The amount of immigration permitted by a nation is not an easy value to determine, but my suspicion is that the H1B visa program, even at its current level, is more about corporations trying to minimize their payroll expenses than an actual lack of an available skilled workforce.

Anonymous Coward says:

Hey, politicians don’t care about pesky things like facts. Why else do you think republicans are making a big deal about Obama saying ‘you didn’t build that’, when he really said businesses didn’t build the roads and bridges their business depends on, or build the public education system that gave years of free training to their employees.

Anonymous Coward says:


“People expect to make wages not in line with reality, because someone else is making more.”

But why? It’s the amazing paradox that people want to get paid a good living wage, but they also want to pay the cheapest price. In the world produce, as an example, it’s still cheaper to produce much of it offshore and transport it in than it is to pay American workers to pick it. If the farms paid American worker the wage they think they deserve, then they would be too expensive in the store for those very workers to buy.

The US will always face this problem being one of the highest wage economies around. There is always someone willing to do the work cheaper, and out excellent transport systems worldwide mean that you can get fresh fruits and veggies all year long at a good price.

The US won’t fix itself by bringing more intelligent people on the top of the economy, because their manufacturing will be just shoved offshore. It would be way better to improve the education of US workers and move from there. Home made solutions are way better than importing band-aids.

bwp (profile) says:

We must agree to disagree

This is one topic that I continue to disagree with Mike. We don’t need more skilled workers from overseas to be allowed into the country, we need to develop our own skilled workers and right now we’re not doing that. A quick fix like allowing in foreign skilled workers quickly becomes THE fix and nothing will be done about the true root problem which is better educational programs for American children and workers that are out of jobs now. I continue to see a great deal of graduate and PhD programs discriminate against American students in favor of foreign students because of the influx of money they get for those students and I continue to see fully qualified American workers have their jobs shipped overseas.

As for Mike’s absolute statement:

“It often seems like the arguments against it are a mix of just under the surface racism with a healthy dose of ignorance about economics.”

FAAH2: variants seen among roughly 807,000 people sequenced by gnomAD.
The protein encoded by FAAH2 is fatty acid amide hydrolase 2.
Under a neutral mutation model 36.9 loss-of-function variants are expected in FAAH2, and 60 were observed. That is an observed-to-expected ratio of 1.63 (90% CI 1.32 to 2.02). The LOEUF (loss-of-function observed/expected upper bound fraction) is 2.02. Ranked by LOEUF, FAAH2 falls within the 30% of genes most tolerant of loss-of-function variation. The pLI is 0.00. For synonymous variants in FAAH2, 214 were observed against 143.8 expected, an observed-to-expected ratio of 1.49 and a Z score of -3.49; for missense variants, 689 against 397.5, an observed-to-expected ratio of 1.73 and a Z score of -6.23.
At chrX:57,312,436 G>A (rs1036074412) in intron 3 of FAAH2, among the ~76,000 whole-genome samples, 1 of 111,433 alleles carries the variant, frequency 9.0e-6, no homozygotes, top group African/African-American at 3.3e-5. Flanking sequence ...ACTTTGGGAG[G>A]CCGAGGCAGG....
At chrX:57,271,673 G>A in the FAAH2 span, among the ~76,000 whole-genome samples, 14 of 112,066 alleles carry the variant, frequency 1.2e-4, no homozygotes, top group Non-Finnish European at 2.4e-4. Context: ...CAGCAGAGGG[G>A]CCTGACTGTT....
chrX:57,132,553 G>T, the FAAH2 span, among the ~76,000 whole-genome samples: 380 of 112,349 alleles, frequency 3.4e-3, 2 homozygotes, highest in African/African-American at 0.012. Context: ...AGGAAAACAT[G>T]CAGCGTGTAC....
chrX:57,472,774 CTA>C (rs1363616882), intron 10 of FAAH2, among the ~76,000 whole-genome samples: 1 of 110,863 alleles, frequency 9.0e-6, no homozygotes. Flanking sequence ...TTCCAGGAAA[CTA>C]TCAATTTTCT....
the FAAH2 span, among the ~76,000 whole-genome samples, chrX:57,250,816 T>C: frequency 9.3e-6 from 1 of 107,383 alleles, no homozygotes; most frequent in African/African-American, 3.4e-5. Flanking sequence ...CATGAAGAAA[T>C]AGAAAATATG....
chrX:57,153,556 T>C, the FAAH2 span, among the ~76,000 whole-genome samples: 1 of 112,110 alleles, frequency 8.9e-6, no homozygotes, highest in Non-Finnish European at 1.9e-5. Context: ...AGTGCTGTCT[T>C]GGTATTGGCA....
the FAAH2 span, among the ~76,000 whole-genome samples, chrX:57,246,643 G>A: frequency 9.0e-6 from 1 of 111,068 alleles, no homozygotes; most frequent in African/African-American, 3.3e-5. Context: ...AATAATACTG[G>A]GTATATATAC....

If Mike is implying that he’s the only one that understands economics then to quote Ice Cube – “You better check yo self before you wreck yo self.”

Economics is far from an absolute science and the various schools of economics rarely agree on any so I’m sure there’s just as much evidence that the arguments against this has just as much researched evidence as the arguments for, it’s just the interpretation of the data that is different. Too often we see people interpreting the data to fit their assumptions rather that reporting on what the actual data says.

ahow628 (profile) says:


“One might think that a country that was built by the immigration of people with skills might welcome more such people. Another might counter that current immigration law is, in many respects, similar to current corporate support for useless and burdensome regulation. A means by which those who think that they have “got theirs” use government to pull up the drawbridge after them.”

Those who came before = good. Those who come after = bad. Rent seeking is good when you are the one collecting the rent.

PT (profile) says:

Foreign entrepreneurs

The ostensible idea behind the current visa program was to encourage educated immigration. The real purpose was always to suppress wages. Alan Greenspan said so in plain language in his memoir. I don’t have a copy of the actual quote with me at the moment, but in essence he wrote that rewards are going disproportionally to the skilled, that the US education system has failed to create enough skilled Americans, the gap between the skilled and unskilled was too large, so we needed to vastly increase immigration of skilled people – I can quote the last phrase from memory – “thus driving down their wages”.

Jim says:

Once again, way over your head, Techdirt

Whenever this blog wanders out of its tech strong suit, it starts showing its ignorance immediately. Fortunately, many of the insightful commenters who actually have to live outside of San Francisco or New York are here to provide a reality check.

All these “skilled immigrants”/”entrepreneurs” are just here to grease the outsourcing of jobs, not to create U.S. jobs. So, according to the blogger, of course, we need more of that! The plummeting quality of life in this country will hit Mr. Masnick, and then we’ll see what he has to say.

Tex Arcana (profile) says:

The real problem with this, and a fact ignored by both authors, is that a huge majority of these immigrant workers are being used to replace higher-paying–and just as qualified–American workers. And, as stated above, as a pipeline toward outsourcing said jobs and reducing costs even further.

Personally, I think as the Romans did: as long as they speak the language and pay taxes, let ’em in.

But this is being used as a dodge to eliminate jobs and send the, elsewhere.

When will these idiots realize that, when everyone is unemployed (or employed as slave labor), there will be no money being spent on their crappy poisoned chinese junk?? Talk about watching the economy collapse–then again, these psychopaths don’t care, as long as they can abscond with their ill-gotten gains to the nearest non-extradition nation, while the rest of us suffer and die thanks to their murderous practices.